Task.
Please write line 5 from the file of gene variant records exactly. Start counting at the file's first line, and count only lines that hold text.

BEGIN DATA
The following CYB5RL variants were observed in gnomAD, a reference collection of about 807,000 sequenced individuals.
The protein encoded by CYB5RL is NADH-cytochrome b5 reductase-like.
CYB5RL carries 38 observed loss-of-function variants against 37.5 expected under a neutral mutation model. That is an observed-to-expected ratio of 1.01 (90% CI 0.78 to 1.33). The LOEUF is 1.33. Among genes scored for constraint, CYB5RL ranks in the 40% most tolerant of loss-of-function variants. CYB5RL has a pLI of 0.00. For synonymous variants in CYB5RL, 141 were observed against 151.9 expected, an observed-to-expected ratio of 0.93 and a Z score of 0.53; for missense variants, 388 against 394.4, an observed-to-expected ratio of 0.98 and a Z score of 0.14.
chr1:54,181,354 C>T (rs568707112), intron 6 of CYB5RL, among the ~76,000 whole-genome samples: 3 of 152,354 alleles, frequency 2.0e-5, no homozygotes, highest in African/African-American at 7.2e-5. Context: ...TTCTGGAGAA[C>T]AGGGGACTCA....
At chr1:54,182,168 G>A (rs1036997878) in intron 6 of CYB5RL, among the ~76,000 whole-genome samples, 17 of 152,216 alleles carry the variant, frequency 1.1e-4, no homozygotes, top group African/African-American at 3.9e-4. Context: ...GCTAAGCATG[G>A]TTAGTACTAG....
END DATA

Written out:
At chr1:54,182,168 G>A (rs1036997878) in intron 6 of CYB5RL, among the ~76,000 whole-genome samples, 17 of 152,216 alleles carry the variant, frequency 1.1e-4, no homozygotes, top group African/African-American at 3.9e-4. Context: ...GCTAAGCATG[G>A]TTAGTACTAG....